Over the course of the year, we’ve had the pleasure of working with many talented researchers from across the globe. As 2023 draws to a close, we take a look back at some of the excellent blog posts from our contributors.
Ever wondered how the complementary features of symbolic and deep-learning methods can be combined? Using a crime scene analogy, Lauren Nicole DeLong and Ramon Fernández Mir explain all, focusing on neurosymbolic approaches for reasoning on graph structures.
Max Springer examines the notion of fairness in hierarchical clustering. Max and colleagues have demonstrated that it’s possible to incorporate fairness constraints or demographic information into the optimization process to reduce biases in ML models without significantly sacrificing performance.
Class imbalance in training and evaluation datasets can pose a challenge for natural language processing (NLP) models, which are more heavily influenced by majority class data during training. As a result, NLP models tend to perform poorly on the minority classes, which often contain the cases that are most interesting to the downstream user. Sophie Henning and Annemarie Friedrich give an overview of such class imbalance and survey methods for addressing it.
Matthew Stephenson and Frederic Abraham won the best artifact award at AIIDE2023 for their work Utilizing Generative Adversarial Networks for Stable Structure Generation in Angry Birds. In this blogpost, they tell us about their GAN approach, which teaches itself how to design Angry Birds structures.
Rewards play a crucial role in reinforcement learning (RL), with the choice of reward responsible for the behaviour of an agent. However, designing reward functions is complicated. Automatically inferring a reward function is more desirable for end-users interacting with a system. Jessica Maghakian and Akanksha Saran use Interaction-Grounded Learning (IGL) to infer reward functions that capture the intent of an end-user.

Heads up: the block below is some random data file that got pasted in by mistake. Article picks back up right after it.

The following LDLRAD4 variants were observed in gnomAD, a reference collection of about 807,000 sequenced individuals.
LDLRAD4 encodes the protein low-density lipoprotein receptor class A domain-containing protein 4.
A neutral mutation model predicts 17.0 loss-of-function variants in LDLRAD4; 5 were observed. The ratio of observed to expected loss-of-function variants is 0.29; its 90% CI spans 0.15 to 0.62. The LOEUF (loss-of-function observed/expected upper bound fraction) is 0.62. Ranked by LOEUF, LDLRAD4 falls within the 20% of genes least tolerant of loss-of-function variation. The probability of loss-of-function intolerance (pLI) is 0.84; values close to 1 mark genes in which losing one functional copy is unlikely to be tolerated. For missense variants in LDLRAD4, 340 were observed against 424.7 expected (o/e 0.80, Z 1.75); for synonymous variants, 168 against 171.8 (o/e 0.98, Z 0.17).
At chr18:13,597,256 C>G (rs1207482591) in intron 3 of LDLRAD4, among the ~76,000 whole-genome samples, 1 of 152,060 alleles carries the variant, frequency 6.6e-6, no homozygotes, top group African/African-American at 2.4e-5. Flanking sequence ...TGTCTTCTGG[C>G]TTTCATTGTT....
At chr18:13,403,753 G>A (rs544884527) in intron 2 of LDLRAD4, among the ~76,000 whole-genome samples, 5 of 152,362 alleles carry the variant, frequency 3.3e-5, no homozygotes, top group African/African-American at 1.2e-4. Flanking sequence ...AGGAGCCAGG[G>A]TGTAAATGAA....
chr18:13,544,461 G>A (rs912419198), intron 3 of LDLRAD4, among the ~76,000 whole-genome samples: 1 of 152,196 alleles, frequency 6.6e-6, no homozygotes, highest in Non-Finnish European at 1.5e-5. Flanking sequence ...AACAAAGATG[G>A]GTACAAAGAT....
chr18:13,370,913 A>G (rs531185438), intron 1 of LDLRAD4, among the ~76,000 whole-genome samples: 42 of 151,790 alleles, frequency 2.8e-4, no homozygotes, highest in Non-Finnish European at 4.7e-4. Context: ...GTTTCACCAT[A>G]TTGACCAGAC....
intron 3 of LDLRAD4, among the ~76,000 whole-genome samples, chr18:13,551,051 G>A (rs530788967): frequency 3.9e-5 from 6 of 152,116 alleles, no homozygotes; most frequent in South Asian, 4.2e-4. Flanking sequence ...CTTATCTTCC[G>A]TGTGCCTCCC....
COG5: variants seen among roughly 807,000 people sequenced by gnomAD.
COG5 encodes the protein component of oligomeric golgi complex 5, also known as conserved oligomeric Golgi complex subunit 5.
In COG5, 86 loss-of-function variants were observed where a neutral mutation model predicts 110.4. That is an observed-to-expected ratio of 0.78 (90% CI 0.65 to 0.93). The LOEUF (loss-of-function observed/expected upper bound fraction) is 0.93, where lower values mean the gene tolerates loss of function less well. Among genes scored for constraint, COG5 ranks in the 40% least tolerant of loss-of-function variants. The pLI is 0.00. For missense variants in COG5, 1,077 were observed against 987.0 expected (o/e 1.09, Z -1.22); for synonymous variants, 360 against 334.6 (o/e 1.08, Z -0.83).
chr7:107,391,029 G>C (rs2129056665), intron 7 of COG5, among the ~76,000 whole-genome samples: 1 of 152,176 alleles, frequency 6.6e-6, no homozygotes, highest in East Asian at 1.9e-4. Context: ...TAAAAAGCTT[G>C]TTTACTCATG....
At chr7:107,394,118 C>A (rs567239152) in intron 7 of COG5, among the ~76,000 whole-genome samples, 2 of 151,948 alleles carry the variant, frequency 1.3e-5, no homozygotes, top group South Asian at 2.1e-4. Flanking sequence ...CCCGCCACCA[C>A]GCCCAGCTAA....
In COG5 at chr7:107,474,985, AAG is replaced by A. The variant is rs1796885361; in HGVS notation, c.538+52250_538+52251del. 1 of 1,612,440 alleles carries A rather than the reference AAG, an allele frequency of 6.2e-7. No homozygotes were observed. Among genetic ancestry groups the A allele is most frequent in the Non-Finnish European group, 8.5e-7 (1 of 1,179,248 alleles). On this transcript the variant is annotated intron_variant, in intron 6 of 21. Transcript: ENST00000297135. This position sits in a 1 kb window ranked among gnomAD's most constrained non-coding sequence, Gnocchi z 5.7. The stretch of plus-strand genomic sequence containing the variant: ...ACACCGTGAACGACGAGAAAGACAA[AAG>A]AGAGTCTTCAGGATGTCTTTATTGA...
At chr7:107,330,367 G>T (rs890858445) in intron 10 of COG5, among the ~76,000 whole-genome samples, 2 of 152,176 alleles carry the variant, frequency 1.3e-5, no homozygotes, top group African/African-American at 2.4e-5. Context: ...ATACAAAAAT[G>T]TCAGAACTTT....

What does solving a Sudoku puzzle have to do with protein design? Marianne Defresne reveals all in this blog post where she talks about work, with Sophie Barbe and Thomas Schiex, combining deep learning with automated reasoning to solve complex problems.
In their IJCAI article, Safe Reinforcement Learning via Probabilistic Logic Shields, which won a distinguished paper award at the conference, Wen-Chi Yang, Giuseppe Marra, Gavin Rens and Luc De Raedt provide a framework to represent, quantify, and evaluate safety. They define safety using a logic-based approach rather than a numerical one; Wen-Chi tells us more.
Ad hoc teamwork refers to the problem of enabling an ad hoc agent to collaborate with others without prior coordination. It is representative of many real-world applications, such as the use of robots and software systems to assist humans in search and rescue. Hasra Dodampegama writes about her work with Mohan Sridharan formulating ad hoc teamwork as a joint knowledge-based and data-driven reasoning and learning problem.
Joar Skalse and Alessandro Abate won the AAAI 2023 outstanding paper award for their work, Misspecification in Inverse Reinforcement Learning, in which they study the question of how robust the inverse reinforcement learning problem is to misspecification of the underlying behavioural model. In this blogpost, the pair share the motivation for this work and explain their results.
Deep learning models employed in medical imaging are limited by the lack of annotated images. Few-shot learning techniques, where models learn from a small number of examples, can help overcome this scarcity. In a systematic review of the field, Eva Pachetti and Sara Colantonio investigate the state of the art.
Thoroughly testing video game software by hand is difficult. AI agents that can automatically explore different game functionalities are a promising alternative. In this blogpost, Sasha Volokh writes about an approach for automatically determining the possible actions in computer game states. This was work that won him the best student paper award at AIIDE2023.